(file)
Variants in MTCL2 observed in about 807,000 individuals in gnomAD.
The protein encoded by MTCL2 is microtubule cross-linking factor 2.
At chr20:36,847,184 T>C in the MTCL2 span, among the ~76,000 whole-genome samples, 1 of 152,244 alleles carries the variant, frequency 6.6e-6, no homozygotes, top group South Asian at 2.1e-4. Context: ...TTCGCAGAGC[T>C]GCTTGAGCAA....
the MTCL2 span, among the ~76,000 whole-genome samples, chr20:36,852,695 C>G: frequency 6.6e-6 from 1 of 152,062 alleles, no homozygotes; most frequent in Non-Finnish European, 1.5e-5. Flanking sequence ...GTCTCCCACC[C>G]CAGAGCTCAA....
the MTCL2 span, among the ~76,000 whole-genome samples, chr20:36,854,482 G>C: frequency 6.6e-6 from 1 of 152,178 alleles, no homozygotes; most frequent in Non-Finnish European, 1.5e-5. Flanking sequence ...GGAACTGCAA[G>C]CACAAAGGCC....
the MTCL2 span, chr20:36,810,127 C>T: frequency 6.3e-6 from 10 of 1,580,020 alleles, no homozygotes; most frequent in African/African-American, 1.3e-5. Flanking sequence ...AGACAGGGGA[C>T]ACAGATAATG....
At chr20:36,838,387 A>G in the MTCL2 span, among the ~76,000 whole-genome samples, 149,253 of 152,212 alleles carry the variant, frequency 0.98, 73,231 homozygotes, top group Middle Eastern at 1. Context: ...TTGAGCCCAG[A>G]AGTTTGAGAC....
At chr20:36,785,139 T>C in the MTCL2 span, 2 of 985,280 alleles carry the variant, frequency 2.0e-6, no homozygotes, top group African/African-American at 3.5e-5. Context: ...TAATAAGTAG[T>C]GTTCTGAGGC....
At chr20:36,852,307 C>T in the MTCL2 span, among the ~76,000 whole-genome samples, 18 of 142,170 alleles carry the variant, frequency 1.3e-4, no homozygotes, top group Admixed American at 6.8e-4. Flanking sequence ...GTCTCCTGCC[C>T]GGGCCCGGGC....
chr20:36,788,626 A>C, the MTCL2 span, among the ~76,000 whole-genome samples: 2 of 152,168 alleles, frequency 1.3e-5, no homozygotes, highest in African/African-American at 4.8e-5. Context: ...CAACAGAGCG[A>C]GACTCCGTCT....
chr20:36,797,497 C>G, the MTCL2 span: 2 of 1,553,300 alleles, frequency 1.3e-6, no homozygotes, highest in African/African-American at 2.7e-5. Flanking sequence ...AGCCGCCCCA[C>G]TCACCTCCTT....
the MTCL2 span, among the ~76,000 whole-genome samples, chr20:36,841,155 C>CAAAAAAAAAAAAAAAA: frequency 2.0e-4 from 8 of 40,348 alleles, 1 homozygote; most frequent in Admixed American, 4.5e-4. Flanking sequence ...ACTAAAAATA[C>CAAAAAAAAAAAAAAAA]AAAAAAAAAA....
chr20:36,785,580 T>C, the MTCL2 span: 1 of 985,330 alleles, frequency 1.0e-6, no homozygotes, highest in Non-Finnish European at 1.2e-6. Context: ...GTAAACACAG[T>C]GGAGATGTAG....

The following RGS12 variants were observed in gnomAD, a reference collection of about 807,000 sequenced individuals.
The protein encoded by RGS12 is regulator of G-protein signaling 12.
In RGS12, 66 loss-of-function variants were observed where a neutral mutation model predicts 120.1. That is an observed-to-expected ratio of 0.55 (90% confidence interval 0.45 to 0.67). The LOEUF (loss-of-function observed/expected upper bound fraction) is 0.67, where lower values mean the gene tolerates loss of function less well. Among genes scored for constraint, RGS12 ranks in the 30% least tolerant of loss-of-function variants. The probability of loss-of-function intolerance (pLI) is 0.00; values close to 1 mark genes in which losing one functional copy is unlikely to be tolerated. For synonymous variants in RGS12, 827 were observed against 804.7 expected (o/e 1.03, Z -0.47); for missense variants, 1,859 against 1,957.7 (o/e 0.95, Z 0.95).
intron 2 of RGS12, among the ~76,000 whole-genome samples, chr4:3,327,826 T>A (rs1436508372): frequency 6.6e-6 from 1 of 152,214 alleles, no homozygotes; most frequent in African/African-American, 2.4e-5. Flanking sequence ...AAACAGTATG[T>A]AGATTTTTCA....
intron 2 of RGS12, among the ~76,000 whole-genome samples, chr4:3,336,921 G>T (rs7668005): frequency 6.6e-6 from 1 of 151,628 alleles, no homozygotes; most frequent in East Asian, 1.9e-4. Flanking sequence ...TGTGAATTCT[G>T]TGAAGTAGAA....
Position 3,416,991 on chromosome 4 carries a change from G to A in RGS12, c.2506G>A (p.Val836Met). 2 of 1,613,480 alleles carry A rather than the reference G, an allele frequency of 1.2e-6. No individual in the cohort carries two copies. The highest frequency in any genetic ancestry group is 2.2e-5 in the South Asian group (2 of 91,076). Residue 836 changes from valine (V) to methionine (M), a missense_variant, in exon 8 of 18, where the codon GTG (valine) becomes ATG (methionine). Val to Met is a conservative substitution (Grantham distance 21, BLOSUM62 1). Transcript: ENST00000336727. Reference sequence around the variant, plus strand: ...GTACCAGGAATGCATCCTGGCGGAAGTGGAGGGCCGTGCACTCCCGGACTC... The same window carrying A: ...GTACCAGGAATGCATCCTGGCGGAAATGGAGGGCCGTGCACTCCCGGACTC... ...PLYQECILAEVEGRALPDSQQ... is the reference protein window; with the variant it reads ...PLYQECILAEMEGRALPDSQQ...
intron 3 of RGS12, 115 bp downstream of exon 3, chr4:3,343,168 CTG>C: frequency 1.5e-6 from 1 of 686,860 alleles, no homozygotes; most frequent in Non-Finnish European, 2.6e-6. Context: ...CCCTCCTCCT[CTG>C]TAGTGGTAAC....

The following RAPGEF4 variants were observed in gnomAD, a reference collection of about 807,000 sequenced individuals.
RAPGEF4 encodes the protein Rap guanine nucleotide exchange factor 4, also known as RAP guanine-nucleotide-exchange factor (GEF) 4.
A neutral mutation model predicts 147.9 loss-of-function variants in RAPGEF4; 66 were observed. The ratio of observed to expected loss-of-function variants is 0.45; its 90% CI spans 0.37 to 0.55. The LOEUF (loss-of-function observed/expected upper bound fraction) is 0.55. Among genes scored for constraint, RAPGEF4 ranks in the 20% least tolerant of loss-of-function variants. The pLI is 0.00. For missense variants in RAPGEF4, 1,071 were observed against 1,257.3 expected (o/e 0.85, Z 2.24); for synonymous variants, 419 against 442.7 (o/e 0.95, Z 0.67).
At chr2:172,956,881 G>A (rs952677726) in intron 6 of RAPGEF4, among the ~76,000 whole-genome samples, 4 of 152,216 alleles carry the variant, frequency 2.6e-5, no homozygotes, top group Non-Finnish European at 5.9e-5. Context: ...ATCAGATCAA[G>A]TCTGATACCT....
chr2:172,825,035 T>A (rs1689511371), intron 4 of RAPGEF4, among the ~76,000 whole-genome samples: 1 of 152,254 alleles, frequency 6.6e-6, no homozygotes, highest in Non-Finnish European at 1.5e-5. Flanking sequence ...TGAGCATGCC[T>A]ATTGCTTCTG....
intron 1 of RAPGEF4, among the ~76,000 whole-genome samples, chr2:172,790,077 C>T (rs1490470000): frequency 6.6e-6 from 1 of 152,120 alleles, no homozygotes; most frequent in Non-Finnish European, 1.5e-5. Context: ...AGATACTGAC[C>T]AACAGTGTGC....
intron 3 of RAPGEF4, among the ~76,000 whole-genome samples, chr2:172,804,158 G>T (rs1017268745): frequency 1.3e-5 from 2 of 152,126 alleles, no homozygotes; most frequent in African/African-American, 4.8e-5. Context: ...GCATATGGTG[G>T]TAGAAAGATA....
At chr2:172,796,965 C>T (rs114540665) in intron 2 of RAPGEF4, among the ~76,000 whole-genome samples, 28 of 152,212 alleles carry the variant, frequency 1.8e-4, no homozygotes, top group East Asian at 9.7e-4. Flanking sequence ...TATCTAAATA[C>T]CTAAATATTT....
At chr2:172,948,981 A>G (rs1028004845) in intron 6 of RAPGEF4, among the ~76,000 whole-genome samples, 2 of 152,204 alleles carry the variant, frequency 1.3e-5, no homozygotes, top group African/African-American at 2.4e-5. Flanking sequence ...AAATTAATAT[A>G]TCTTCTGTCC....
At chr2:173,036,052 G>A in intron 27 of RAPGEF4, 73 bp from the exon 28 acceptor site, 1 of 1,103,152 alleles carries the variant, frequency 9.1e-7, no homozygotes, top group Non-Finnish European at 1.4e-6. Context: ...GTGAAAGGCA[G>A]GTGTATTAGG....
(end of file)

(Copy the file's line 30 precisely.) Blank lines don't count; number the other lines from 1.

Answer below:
At chr2:173,036,052 G>A in intron 27 of RAPGEF4, 73 bp from the exon 28 acceptor site, 1 of 1,103,152 alleles carries the variant, frequency 9.1e-7, no homozygotes, top group Non-Finnish European at 1.4e-6. Context: ...GTGAAAGGCA[G>A]GTGTATTAGG....